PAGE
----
Comet Impacts Triggered Ice Age Extinctions?

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The hexagonal diamonds were found in ancient sediment layers on Santa Rosa mixed in with other types of nanodiamonds and large amounts of charcoal from wildfires, Kennett and colleagues report this week in the journal Proceedings of the National Academy of Sciences.

"There was basically an inferno as far as we're concerned at this location at this time on this island," Kennett said.

Also, around the same time that large mammals vanished from the mainland, the island's fossil record suggests that pygmy mammoths disappeared and vegetation shifted to grasslands and oak trees.

All the evidence, Kennett said, points to sudden climate change caused by "some sort of cosmic impact."

Just Coincidence?

Kennett's team presents a compelling case for a comet impact, said Eric Steig, an earth scientist at the University of Washington in Seattle who also studies past climate change.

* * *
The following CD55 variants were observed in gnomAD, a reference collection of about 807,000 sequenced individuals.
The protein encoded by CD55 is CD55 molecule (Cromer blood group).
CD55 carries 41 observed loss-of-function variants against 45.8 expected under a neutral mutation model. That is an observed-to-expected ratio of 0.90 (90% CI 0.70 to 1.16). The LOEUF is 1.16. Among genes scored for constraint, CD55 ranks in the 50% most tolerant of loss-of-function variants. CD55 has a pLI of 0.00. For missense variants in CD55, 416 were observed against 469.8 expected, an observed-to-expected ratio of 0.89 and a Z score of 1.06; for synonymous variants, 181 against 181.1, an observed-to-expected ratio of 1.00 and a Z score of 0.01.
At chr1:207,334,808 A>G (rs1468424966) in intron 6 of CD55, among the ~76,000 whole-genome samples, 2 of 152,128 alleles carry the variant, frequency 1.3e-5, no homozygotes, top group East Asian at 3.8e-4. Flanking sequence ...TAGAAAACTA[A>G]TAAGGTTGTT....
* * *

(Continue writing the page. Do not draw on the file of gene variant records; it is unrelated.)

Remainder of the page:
But such an event is unnecessary to explain the well-studied cooling 12,900 years ago.

"It doesn't prove that the impact was necessary, just coincident perhaps," Steig commented via email.

"And it doesn't explain all the similar climate events in the past. One would want to see evidence for at least a few more of them, not just one."

A commonly accepted explanation for such cooling events is a series of periodic, rapid shifts in the way ocean currents shuttle heat.

For Kennett, however, this explanation doesn't fully account for what he and his colleagues see in the archaeological and geological records associated with the ice age extinctions.

"If there had not been a cosmic impact 12.9 [thousand years ago], as this hypothesis proposes," he said, "we would argue that there would not have been a significant climatic reversal during the [ice age thaw], as, of course, occurred."

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